XV. ford, luigh blood he came, de renown'd for knightly fame. He burn'd before his monarch's eye. To do some deed of chivalry. He spurr'd his steed, he couch'd his lance, And darted on the Bruce at once. -As motionless as rocks, that bide The wrath of the advancing tide, The Bruce stood fast.- Each breast beat ligb, And dazzled was cach gazing eyeThe heart had hardly time to think, The eye-lid scarce had time to wink, While on the king, like flash of flame, Spurrd to full speed the war-horse came! The partridge may the falcon mock, If that slight palfrey stand the shock-But, swerving from the knight's career, Just as they met, Bruce shunnd the spear. Onward the baffled warrior bore His course—but soon his course was o'er ! High in his stirrups stood the king, And gave his battle-axe the swing. Right on De Boune, the whiles he pass'd, Fell that stern diot--the first--the last!Such strength upon the blow was put, The helmet crash'd like hazel-out; The axe-shaft, with its brazen-clasp, Was shiver'd to the gauntlet grasp. Springs from the blow the startled horse, Drops to the plain the lifeless corse ; First of that fatal field, how soon, How sudden, fell the fierce De Boune!

XIV. xay, yet fearful to behold, Flashing with steel and rough with gold,

And bristled o'er with bills and spears, With plumes and pennons waving fair, Was that bright battle-front! for there

Rode England's king and peers : And who, that saw the monarch ride, His kingdom battled by his side, Could then his direful doom foretell! Fair was his seat in knightly selle, And in his sprightly eye was set Some spark of the Plantagenet. Though light and wandering was his glance, Ti flash'd at sight of shield and lance.

XVI. One pitying glance the monarch sped, Where on the field his foe lay dead; Then gently turn'd his palfrey's head, And, pacing back his sober way, Slowly he gain'd his own array. There round their king the leaders crowd, And blame his recklessness aloud, That risk'd 'gainst each adventurous spear A life so valued and so dear. His broken weapon's shaft survey'd The king, and careless answer made, « My loss may pay my folly's tax ; I've broke my trusty battle-axe.»

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. XI. Now on the darkening main afloat, Ready and mann'd rocks every boat ; Beneath their oars the ocean's might Was dash'd to sparks of climmering light. Faint and more faint, as off they bore, Their armour glanced against the shore, And, mingled with the dashing tide, Their murmuring voices distant died.-«God speed them!» said the priest, as dark On distant billows glides each bark; « O Heaven! when swords for freedom shine, And monarch's right, the cause is thine! Edge doubly every patriot blow! Beat down the bauners of the foe! And be it to the nations known, That Victory is from God alone!» As up the hill his path he drew, He turn'd his blessings to renew, Oft turn'd, till on the darken'd coast All traces of their course were lost; Then slowly bent to Brodick tower, To shelter for the evening hour.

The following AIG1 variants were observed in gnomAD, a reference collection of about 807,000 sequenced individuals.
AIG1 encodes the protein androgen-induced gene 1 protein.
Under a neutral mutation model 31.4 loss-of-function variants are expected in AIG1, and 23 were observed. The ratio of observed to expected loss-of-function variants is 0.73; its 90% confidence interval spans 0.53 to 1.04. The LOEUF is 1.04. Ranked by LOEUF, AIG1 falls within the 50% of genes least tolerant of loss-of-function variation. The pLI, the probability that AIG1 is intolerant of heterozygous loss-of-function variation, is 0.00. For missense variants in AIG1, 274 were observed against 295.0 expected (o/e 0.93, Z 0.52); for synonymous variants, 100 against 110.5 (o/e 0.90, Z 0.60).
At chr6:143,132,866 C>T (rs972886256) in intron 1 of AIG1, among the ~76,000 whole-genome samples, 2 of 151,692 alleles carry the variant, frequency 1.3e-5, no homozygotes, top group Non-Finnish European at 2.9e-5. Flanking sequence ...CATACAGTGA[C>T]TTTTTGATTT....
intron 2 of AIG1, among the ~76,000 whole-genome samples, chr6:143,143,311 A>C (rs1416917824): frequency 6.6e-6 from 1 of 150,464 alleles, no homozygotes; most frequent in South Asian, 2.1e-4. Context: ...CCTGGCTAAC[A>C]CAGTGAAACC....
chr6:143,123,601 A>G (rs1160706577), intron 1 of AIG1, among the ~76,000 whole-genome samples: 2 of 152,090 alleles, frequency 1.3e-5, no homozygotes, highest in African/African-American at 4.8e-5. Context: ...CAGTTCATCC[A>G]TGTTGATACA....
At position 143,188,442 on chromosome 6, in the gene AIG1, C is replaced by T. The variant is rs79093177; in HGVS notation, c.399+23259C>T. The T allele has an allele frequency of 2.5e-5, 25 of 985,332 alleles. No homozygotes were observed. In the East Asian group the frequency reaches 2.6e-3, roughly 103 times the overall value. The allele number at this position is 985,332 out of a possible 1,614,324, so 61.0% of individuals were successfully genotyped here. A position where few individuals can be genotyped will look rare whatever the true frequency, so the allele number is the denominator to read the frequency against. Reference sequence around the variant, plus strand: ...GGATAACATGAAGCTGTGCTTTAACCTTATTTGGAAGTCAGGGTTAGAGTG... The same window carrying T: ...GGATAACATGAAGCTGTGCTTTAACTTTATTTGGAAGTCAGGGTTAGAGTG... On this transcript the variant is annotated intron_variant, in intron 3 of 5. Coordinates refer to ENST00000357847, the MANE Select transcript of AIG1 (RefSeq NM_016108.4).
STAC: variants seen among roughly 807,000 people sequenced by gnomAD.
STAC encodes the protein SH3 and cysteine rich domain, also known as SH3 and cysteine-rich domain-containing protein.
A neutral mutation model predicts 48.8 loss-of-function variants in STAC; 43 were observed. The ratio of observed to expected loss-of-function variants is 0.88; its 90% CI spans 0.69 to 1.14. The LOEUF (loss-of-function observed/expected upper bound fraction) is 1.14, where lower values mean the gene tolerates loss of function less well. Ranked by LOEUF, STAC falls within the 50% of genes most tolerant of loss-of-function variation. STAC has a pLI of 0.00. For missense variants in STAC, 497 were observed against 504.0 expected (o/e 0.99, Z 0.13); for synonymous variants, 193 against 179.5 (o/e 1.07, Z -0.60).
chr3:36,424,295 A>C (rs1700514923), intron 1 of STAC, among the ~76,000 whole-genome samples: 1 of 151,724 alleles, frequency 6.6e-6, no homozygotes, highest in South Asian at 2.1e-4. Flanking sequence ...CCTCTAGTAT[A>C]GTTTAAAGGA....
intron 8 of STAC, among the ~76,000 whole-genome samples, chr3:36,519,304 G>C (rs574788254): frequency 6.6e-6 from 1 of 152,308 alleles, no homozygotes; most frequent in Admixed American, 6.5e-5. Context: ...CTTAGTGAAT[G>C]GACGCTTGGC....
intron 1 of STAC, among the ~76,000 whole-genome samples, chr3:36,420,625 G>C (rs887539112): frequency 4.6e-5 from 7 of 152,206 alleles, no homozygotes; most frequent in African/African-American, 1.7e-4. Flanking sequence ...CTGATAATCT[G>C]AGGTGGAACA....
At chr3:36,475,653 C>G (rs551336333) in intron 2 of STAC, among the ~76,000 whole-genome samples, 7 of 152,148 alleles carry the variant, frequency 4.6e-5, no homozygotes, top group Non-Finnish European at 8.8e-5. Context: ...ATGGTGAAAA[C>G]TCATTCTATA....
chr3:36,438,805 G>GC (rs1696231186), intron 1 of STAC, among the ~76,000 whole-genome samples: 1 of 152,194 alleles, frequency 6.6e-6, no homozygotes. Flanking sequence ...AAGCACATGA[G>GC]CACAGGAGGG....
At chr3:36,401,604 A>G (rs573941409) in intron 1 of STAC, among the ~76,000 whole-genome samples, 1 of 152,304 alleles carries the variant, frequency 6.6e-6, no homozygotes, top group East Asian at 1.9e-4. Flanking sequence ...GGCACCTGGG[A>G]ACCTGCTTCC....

XIV. With that the boats approach'd the land, But Edward's grounded on the sand; The eager knight leap J in the sea Waist-deep, and first on shore was he, Though every barge's hardy band Contended which should gain the land, When that strange light, which, seen afar, Seem'd steady as the polar star, Now, like a prophet's fiery chair, Seem'd travelling the realms of air. Wide o'er the sky the splendour glows, As that portentous meteor rose; Helm, axe, and falchion, glitter'd bright, And in the red and dusky light His comrade's face each warrior saw, Nor marvell'd it was pale with awe. Then high in air the beams were lost, And darkness supk upon the coast. — Ronald to Heaven a prayer addressid, And Douglas cross'd his dauntless breast; « Saint James protect us!»--Leonox cried, But reckless Edward spoke aside, « Deem'st thou, Kirkpatrick, in that flame Red Comyn's angry spirit came, Or would thy dauntless heart endure Once more to make assurance surelo« Hush!» said the Bruce, « we soon shall know, If this be sorcerer's empty show, Or stratagem of southern foe. The moon shines out-upon the sand Let every leader rank his band.:

XIII. In night the fairy prospects sink, Where Cumray's isles with verdant link Close the fair entrance of the Clyde; The woods of Bute po more descried Are gone-and on the placid sea The rowers plied their task with glee, While hands that knightly lances bore Impatient aid the labouring oar.. The half-faced moon shone dim and pale, And glanced against the whiten'd sail; But on that ruddy beacon-light Each steersman kept the helm aright, And oft, for such the king's command, That all at once might reach the strand, From boat to boat loud shout and hail Warn'd them to crowd or slacken sail. South and by west the armada bore, And near at length the Carrick shore. As less and less the distance grows, High and more high the beacon rose; The light, that seem'd a twinkling star, Now blazed portentous, fierce, and far. Dark-red the heaven above it glow'd, Dark-red the sea beneath it flow'd, Red rose the rocks on ocean's brim, In blood-red light her islets swim; Wild scream the dazzled sea-fowl gave, Dropp'd from their crags on plashing wave, The deer to distant covert drew, The black-cock deem'd il day, and crew. Like some tall castle given to flame. O'er half the land the lustre came.